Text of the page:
by John Freeman, PhD
While it misses some of the beneficial aspects of the original Evolution Diet, Arthur De Vany’s New Evolution Diet adds its own common-sense points (French fries are the worst food to eat) and not-so-common-sense points (intermittent fasting helps insulin sensitivity and “protein turnover”) and provides a great, well-rounded plan for a healthy lifestyle. A vivacious grandfather, De Vany, is considered one of the pioneers of the primal/paleo lifestyle as he’s been doing it for more than a quarter century. Newcomers like Cordain and Morse have provided basically the same instructions for the good life: eat how our ancestors ate (veggies, fruit, lean meats). But those instructions don’t necessarily fill a book. What does is in depth explanation of what that hunter-gatherer diet looks like in a modern age.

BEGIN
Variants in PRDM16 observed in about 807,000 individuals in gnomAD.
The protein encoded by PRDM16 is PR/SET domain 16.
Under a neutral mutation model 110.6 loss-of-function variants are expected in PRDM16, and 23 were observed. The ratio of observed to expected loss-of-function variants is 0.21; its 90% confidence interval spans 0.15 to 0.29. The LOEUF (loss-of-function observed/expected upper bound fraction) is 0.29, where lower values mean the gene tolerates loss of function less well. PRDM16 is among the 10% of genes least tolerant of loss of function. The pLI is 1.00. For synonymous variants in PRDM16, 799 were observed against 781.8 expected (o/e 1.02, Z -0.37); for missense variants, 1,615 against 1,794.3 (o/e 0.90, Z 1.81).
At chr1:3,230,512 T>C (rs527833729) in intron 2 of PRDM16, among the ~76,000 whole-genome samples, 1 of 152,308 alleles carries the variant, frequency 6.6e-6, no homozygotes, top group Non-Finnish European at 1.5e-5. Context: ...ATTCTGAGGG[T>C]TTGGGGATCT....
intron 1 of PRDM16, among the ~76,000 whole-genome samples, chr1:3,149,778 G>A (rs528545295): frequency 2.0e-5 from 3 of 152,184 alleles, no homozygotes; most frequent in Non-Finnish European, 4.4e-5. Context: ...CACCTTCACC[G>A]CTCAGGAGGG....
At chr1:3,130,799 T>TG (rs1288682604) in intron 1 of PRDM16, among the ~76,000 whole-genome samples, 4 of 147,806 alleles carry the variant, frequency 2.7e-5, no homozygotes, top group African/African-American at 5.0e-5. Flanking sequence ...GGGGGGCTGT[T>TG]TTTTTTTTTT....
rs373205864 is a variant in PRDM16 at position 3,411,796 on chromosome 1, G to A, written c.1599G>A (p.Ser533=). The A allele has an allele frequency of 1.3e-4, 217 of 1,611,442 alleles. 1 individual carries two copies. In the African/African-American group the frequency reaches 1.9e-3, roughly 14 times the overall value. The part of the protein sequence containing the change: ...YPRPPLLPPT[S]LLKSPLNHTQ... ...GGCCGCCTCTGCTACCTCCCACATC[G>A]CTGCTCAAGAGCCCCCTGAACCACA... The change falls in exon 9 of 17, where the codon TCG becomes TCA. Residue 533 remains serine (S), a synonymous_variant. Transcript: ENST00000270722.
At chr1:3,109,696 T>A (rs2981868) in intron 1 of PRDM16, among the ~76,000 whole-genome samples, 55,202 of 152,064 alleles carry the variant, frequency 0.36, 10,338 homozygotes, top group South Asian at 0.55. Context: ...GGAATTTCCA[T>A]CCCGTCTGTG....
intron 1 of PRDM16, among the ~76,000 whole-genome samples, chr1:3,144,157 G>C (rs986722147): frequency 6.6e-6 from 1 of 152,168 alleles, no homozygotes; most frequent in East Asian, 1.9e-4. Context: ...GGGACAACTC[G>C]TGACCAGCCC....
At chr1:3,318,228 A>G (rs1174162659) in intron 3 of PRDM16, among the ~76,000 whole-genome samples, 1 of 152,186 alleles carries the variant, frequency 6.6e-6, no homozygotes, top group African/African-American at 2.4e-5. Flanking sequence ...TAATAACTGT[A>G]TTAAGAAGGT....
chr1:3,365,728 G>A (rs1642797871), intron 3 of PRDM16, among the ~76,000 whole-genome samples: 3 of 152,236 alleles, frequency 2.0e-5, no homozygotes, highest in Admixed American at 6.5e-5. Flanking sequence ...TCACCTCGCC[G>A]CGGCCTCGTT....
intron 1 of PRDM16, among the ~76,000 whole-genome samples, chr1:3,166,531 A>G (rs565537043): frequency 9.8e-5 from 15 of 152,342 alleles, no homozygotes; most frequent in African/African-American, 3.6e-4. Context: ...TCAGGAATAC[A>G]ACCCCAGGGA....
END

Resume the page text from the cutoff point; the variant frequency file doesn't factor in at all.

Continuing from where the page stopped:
For one, it is more intelligent than brutish. De Vany calls NED the “smart diet” because it’s not about calorie counting, which may be effective for people, but it’s really unsustainable. De Vany says, here’s the menu of our ancestors, and you can eat however much of it you want. Although De Vany doesn’t get into the psychology of eat (this needs to be a book), he actually gets into the metaphysics of the diet in an interesting chapter. He instead relies on the theory that if you eat the right foods, your brain will be satisfied and those French fries will cease looking good to you. I don’t think this is the case, but that shouldn’t make you pass this book up. It is a well-written, interesting manual should help you attain an ideal, evolved lifestyle.